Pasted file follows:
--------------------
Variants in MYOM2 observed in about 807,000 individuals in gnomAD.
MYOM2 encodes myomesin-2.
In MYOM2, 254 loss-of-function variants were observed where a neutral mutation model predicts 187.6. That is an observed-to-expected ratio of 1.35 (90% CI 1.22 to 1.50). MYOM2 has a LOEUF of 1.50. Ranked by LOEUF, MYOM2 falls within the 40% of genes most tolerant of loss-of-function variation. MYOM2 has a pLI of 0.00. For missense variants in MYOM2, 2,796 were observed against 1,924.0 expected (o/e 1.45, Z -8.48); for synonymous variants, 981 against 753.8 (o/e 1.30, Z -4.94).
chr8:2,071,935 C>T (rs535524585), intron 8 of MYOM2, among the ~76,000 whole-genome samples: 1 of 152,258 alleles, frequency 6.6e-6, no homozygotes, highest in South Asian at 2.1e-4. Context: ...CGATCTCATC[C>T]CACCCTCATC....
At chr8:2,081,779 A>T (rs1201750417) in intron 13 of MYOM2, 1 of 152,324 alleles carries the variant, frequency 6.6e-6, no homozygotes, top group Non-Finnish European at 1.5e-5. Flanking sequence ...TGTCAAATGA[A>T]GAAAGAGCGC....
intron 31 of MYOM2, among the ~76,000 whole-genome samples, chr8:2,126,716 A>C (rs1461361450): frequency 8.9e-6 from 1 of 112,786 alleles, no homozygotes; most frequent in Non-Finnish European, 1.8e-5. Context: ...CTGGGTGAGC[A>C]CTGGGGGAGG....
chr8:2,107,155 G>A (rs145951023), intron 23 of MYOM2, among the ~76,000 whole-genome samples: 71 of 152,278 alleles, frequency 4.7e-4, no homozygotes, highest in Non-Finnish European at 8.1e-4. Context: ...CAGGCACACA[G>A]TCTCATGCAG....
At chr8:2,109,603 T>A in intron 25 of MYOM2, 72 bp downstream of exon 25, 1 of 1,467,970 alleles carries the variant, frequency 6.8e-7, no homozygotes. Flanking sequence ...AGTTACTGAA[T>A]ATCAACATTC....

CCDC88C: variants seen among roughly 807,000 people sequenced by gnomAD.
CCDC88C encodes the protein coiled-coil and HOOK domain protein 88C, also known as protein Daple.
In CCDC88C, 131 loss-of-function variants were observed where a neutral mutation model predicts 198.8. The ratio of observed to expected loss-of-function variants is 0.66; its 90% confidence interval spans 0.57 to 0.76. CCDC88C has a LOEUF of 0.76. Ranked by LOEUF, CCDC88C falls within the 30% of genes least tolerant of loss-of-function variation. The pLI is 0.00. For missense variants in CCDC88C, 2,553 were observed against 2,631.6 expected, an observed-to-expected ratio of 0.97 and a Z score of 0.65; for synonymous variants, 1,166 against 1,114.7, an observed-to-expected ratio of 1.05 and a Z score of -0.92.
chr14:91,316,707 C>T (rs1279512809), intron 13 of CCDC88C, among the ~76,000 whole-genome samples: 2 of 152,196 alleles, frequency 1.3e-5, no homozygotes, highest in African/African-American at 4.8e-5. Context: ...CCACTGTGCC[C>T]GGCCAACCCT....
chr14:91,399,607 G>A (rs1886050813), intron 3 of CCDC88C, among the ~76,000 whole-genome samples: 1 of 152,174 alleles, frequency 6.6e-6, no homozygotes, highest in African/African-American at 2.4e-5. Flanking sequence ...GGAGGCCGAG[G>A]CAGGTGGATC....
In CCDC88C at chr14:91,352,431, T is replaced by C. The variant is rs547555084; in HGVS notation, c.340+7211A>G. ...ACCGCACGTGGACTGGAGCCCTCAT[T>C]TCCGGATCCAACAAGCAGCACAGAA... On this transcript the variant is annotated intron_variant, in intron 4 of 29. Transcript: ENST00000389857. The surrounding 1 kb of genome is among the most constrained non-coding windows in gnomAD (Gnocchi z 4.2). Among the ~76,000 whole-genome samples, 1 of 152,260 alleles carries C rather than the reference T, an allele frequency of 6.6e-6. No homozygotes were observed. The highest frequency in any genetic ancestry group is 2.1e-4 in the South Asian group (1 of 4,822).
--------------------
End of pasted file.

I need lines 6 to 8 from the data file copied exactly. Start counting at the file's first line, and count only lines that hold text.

intron 31 of MYOM2, among the ~76,000 whole-genome samples, chr8:2,126,716 A>C (rs1461361450): frequency 8.9e-6 from 1 of 112,786 alleles, no homozygotes; most frequent in Non-Finnish European, 1.8e-5. Context: ...CTGGGTGAGC[A>C]CTGGGGGAGG....
chr8:2,107,155 G>A (rs145951023), intron 23 of MYOM2, among the ~76,000 whole-genome samples: 71 of 152,278 alleles, frequency 4.7e-4, no homozygotes, highest in Non-Finnish European at 8.1e-4. Context: ...CAGGCACACA[G>A]TCTCATGCAG....
At chr8:2,109,603 T>A in intron 25 of MYOM2, 72 bp downstream of exon 25, 1 of 1,467,970 alleles carries the variant, frequency 6.8e-7, no homozygotes. Flanking sequence ...AGTTACTGAA[T>A]ATCAACATTC....